Everything can fall apart
On June 27th 1931 a light ripped open the sky above the city of Foum Tatahouine in Tunisia, Africa. A 12 kg meteorite exploded, 4,5 km North of the village. It detonated quite close to the ground and was split into fragments which fell on a radius of about 500 meters.
17 small parts of this Tatahouine meteorite forms the center of Fastvold’s installation at Studio 17. The fragmented meteorite creates the shape of a triangle. From the triangle a spiral made of pieces of broken glass is unfolding.
Besides the installation there are two photographs of broken glass. The photos mirror the installation, but where the glass pieces of the spiral are organized, the glass in the photos are randomly scattered about.
The spiral as a symbol has been found on rock carvings thousands of years old in all the continents in the world, and you can find the spiral shape in nature and in the galaxies of the universe.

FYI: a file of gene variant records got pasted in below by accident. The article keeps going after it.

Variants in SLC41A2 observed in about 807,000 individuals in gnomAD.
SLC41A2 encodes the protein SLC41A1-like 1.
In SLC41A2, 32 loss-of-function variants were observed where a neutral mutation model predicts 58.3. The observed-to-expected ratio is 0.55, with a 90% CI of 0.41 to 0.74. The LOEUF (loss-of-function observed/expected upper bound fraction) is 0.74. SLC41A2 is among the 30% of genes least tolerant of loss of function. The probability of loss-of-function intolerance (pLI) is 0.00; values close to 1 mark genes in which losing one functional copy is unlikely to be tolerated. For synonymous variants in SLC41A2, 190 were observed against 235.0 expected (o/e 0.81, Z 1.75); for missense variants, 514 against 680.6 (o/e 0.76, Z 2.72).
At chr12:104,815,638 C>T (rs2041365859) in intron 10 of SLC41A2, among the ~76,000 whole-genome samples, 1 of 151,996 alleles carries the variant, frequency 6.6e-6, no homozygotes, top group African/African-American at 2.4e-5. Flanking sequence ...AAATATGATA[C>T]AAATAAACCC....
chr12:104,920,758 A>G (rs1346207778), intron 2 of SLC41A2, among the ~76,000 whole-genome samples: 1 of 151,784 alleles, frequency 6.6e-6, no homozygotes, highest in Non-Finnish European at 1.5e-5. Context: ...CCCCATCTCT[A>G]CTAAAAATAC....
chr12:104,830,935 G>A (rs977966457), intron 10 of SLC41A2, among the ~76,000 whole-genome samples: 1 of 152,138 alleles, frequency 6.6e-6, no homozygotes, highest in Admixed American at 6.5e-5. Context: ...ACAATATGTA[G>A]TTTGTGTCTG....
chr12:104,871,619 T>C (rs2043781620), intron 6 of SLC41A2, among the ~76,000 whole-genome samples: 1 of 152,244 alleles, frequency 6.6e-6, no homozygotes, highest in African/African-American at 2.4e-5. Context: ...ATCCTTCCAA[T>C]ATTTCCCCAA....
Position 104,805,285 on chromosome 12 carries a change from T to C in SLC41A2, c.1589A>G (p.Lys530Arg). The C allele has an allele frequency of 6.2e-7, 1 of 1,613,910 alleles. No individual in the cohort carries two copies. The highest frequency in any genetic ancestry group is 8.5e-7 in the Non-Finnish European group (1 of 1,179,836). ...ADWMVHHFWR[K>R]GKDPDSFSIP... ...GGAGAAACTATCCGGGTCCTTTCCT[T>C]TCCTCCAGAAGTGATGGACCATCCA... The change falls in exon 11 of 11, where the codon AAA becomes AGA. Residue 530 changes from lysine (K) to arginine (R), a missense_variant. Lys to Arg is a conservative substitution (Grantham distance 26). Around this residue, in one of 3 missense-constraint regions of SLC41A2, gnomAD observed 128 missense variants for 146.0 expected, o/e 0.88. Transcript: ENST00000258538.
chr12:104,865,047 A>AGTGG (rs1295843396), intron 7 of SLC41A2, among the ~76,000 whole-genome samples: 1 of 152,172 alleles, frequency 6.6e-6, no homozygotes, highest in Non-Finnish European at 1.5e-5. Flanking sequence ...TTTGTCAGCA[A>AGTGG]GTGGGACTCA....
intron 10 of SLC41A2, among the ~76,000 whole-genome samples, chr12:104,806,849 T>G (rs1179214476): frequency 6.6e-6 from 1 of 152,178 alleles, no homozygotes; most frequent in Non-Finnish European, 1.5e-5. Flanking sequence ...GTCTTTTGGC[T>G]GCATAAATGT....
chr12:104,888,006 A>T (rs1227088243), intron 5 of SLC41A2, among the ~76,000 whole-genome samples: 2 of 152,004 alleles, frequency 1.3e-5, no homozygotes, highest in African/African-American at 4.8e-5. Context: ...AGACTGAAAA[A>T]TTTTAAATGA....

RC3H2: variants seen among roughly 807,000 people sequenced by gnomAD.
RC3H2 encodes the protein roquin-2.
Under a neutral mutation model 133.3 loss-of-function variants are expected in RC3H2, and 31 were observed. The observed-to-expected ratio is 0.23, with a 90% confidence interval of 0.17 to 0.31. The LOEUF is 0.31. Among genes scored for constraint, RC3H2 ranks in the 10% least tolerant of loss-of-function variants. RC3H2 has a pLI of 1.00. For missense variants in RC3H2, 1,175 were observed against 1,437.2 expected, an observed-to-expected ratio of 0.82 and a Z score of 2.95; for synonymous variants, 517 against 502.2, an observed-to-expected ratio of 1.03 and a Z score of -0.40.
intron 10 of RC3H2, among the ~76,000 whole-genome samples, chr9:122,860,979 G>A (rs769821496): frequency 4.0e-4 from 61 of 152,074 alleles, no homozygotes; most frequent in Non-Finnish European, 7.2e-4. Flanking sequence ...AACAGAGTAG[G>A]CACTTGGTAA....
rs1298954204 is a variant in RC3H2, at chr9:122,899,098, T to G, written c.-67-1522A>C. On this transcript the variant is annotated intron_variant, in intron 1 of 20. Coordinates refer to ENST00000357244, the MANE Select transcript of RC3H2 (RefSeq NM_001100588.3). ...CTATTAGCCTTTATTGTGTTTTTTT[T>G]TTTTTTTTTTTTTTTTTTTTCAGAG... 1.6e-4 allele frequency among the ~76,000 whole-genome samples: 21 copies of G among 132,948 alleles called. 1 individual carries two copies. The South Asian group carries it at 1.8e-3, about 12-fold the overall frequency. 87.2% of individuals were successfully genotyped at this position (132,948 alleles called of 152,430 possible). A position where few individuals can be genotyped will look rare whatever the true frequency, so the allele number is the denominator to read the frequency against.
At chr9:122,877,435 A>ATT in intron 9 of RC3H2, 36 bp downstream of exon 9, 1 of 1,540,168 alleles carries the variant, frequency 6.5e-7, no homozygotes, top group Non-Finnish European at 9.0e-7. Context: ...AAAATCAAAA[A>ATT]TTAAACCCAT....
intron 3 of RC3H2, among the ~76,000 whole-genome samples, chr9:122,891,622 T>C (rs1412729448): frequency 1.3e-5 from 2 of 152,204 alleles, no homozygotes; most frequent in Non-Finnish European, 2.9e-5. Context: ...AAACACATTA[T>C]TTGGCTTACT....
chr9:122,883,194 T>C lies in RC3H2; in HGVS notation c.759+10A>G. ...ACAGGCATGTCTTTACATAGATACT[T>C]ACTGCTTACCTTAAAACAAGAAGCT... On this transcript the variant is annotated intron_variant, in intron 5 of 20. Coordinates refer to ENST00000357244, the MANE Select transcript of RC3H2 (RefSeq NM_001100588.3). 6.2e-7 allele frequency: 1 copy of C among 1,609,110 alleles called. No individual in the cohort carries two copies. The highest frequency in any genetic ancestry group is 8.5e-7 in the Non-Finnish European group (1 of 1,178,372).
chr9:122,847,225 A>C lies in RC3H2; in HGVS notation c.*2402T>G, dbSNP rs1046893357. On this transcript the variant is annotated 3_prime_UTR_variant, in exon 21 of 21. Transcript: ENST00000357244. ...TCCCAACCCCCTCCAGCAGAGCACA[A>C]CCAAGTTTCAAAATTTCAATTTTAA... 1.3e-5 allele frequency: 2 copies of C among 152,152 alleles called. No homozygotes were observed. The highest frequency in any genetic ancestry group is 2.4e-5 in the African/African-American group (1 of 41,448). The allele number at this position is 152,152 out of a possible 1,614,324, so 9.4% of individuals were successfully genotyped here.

Fastvold’s work focuses on micro and macro changes through time and space – how things fall apart, and come together, and then fall apart again. Sometimes fast, sometimes very slowly. Environmental challenges are part of our world and the importance of sustainability is ever present in our time. The work puts focus on the daily choices we all make, and at the same time aims to create a meditative perspective on the Earth as part of the universe.
Two color inkjet photographs 30 x 40 cm (2014)
“Three artists of the LOCUS collective manage not only to fill the walls, but even use hidden places nobody has ever noticed in the tiny gallery space. The motives are spanning from octopuses to hermaphrodites, from magical crystals to a mystical labyrinth.”